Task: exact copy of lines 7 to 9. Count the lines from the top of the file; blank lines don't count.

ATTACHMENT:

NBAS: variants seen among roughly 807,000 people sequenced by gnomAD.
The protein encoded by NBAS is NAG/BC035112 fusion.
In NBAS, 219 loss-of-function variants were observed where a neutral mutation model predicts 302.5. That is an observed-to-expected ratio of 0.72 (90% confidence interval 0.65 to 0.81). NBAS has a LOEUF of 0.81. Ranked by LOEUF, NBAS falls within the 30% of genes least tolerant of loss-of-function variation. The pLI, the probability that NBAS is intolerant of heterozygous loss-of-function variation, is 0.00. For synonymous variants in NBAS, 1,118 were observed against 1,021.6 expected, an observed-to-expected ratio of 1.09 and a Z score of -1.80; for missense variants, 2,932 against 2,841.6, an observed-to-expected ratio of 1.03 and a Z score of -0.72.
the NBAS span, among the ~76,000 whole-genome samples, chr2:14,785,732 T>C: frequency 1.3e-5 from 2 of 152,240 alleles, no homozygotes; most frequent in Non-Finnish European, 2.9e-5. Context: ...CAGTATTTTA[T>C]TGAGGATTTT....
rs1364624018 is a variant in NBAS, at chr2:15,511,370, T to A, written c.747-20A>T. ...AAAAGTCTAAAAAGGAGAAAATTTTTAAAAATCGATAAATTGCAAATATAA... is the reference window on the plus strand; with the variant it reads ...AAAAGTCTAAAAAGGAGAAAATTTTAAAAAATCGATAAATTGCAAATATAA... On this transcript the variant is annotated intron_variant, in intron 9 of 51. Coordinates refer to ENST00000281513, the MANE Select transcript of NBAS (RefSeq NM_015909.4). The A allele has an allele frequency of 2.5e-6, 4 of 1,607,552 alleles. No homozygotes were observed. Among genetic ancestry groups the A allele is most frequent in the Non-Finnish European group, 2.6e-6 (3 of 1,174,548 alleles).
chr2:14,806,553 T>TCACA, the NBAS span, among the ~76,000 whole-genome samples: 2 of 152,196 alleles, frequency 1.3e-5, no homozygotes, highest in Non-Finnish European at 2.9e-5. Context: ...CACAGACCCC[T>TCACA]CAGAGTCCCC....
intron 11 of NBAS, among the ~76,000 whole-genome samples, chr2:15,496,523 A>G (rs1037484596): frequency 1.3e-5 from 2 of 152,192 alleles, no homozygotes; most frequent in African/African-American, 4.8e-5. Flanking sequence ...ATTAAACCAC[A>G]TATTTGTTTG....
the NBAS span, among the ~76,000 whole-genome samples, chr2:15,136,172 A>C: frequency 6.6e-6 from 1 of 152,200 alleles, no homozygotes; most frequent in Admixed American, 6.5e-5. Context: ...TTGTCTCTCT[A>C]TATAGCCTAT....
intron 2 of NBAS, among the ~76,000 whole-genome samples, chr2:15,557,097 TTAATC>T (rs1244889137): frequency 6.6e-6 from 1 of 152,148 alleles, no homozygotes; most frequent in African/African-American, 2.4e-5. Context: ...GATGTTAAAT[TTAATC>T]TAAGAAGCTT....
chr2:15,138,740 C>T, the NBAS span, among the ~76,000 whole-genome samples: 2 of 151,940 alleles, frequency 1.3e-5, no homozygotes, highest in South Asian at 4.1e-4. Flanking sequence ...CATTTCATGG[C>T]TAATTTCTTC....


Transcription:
intron 11 of NBAS, among the ~76,000 whole-genome samples, chr2:15,496,523 A>G (rs1037484596): frequency 1.3e-5 from 2 of 152,192 alleles, no homozygotes; most frequent in African/African-American, 4.8e-5. Flanking sequence ...ATTAAACCAC[A>G]TATTTGTTTG....
the NBAS span, among the ~76,000 whole-genome samples, chr2:15,136,172 A>C: frequency 6.6e-6 from 1 of 152,200 alleles, no homozygotes; most frequent in Admixed American, 6.5e-5. Context: ...TTGTCTCTCT[A>C]TATAGCCTAT....
intron 2 of NBAS, among the ~76,000 whole-genome samples, chr2:15,557,097 TTAATC>T (rs1244889137): frequency 6.6e-6 from 1 of 152,148 alleles, no homozygotes; most frequent in African/African-American, 2.4e-5. Context: ...GATGTTAAAT[TTAATC>T]TAAGAAGCTT....